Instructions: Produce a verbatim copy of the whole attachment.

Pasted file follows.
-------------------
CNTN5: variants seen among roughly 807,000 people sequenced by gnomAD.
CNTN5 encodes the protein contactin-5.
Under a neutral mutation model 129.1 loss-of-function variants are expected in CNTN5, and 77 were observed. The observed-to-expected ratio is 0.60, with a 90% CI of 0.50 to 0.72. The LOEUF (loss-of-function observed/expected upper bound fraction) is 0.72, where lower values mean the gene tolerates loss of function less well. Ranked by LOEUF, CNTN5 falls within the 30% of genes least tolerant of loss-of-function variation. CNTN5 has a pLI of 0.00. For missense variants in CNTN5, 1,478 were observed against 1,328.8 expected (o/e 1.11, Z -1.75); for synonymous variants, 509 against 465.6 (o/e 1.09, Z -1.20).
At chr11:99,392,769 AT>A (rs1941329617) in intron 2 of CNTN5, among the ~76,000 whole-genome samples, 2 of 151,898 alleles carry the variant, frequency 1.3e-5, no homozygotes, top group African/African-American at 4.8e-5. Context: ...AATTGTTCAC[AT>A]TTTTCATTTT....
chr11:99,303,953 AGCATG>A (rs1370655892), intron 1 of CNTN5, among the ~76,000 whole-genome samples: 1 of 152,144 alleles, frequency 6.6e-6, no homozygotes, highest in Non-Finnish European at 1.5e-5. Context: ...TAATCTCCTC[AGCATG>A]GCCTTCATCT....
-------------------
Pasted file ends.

CNTN5: variants seen among roughly 807,000 people sequenced by gnomAD.
CNTN5 encodes the protein contactin-5.
Under a neutral mutation model 129.1 loss-of-function variants are expected in CNTN5, and 77 were observed. The observed-to-expected ratio is 0.60, with a 90% CI of 0.50 to 0.72. The LOEUF (loss-of-function observed/expected upper bound fraction) is 0.72, where lower values mean the gene tolerates loss of function less well. Ranked by LOEUF, CNTN5 falls within the 30% of genes least tolerant of loss-of-function variation. CNTN5 has a pLI of 0.00. For missense variants in CNTN5, 1,478 were observed against 1,328.8 expected (o/e 1.11, Z -1.75); for synonymous variants, 509 against 465.6 (o/e 1.09, Z -1.20).
At chr11:99,392,769 AT>A (rs1941329617) in intron 2 of CNTN5, among the ~76,000 whole-genome samples, 2 of 151,898 alleles carry the variant, frequency 1.3e-5, no homozygotes, top group African/African-American at 4.8e-5. Context: ...AATTGTTCAC[AT>A]TTTTCATTTT....
chr11:99,303,953 AGCATG>A (rs1370655892), intron 1 of CNTN5, among the ~76,000 whole-genome samples: 1 of 152,144 alleles, frequency 6.6e-6, no homozygotes, highest in Non-Finnish European at 1.5e-5. Context: ...TAATCTCCTC[AGCATG>A]GCCTTCATCT....